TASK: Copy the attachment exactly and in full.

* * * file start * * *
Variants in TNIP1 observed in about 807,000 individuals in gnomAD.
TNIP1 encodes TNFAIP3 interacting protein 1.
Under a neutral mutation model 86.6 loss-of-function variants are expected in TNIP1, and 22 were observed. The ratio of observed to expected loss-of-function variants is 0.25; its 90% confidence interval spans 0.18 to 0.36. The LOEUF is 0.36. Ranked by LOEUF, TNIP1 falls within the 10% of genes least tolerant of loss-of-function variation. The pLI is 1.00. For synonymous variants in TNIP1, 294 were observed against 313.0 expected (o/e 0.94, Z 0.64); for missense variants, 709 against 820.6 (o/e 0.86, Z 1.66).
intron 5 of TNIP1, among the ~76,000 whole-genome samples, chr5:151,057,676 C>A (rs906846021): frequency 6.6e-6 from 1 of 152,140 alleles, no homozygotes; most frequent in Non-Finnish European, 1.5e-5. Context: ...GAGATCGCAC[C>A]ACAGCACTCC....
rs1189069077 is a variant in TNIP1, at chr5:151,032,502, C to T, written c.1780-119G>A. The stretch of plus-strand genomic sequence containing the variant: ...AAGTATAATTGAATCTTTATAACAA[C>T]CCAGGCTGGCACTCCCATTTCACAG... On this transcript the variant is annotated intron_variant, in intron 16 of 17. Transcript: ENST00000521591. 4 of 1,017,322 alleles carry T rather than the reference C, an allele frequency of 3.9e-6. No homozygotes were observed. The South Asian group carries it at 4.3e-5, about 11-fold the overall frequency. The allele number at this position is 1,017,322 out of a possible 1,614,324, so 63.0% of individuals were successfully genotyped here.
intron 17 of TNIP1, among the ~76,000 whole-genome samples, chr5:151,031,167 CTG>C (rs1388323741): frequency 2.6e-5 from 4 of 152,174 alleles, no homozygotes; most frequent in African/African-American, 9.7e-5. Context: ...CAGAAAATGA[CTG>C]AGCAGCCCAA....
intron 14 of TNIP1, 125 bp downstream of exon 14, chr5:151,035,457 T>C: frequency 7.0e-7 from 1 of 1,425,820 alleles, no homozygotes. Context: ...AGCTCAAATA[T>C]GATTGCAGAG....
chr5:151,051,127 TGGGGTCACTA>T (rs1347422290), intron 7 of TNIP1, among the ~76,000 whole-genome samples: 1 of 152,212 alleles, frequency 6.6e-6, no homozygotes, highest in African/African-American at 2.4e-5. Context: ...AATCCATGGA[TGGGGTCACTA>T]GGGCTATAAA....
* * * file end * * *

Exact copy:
Variants in TNIP1 observed in about 807,000 individuals in gnomAD.
TNIP1 encodes TNFAIP3 interacting protein 1.
Under a neutral mutation model 86.6 loss-of-function variants are expected in TNIP1, and 22 were observed. The ratio of observed to expected loss-of-function variants is 0.25; its 90% confidence interval spans 0.18 to 0.36. The LOEUF is 0.36. Ranked by LOEUF, TNIP1 falls within the 10% of genes least tolerant of loss-of-function variation. The pLI is 1.00. For synonymous variants in TNIP1, 294 were observed against 313.0 expected (o/e 0.94, Z 0.64); for missense variants, 709 against 820.6 (o/e 0.86, Z 1.66).
intron 5 of TNIP1, among the ~76,000 whole-genome samples, chr5:151,057,676 C>A (rs906846021): frequency 6.6e-6 from 1 of 152,140 alleles, no homozygotes; most frequent in Non-Finnish European, 1.5e-5. Context: ...GAGATCGCAC[C>A]ACAGCACTCC....
rs1189069077 is a variant in TNIP1, at chr5:151,032,502, C to T, written c.1780-119G>A. The stretch of plus-strand genomic sequence containing the variant: ...AAGTATAATTGAATCTTTATAACAA[C>T]CCAGGCTGGCACTCCCATTTCACAG... On this transcript the variant is annotated intron_variant, in intron 16 of 17. Transcript: ENST00000521591. 4 of 1,017,322 alleles carry T rather than the reference C, an allele frequency of 3.9e-6. No homozygotes were observed. The South Asian group carries it at 4.3e-5, about 11-fold the overall frequency. The allele number at this position is 1,017,322 out of a possible 1,614,324, so 63.0% of individuals were successfully genotyped here.
intron 17 of TNIP1, among the ~76,000 whole-genome samples, chr5:151,031,167 CTG>C (rs1388323741): frequency 2.6e-5 from 4 of 152,174 alleles, no homozygotes; most frequent in African/African-American, 9.7e-5. Context: ...CAGAAAATGA[CTG>C]AGCAGCCCAA....
intron 14 of TNIP1, 125 bp downstream of exon 14, chr5:151,035,457 T>C: frequency 7.0e-7 from 1 of 1,425,820 alleles, no homozygotes. Context: ...AGCTCAAATA[T>C]GATTGCAGAG....
chr5:151,051,127 TGGGGTCACTA>T (rs1347422290), intron 7 of TNIP1, among the ~76,000 whole-genome samples: 1 of 152,212 alleles, frequency 6.6e-6, no homozygotes, highest in African/African-American at 2.4e-5. Context: ...AATCCATGGA[TGGGGTCACTA>T]GGGCTATAAA....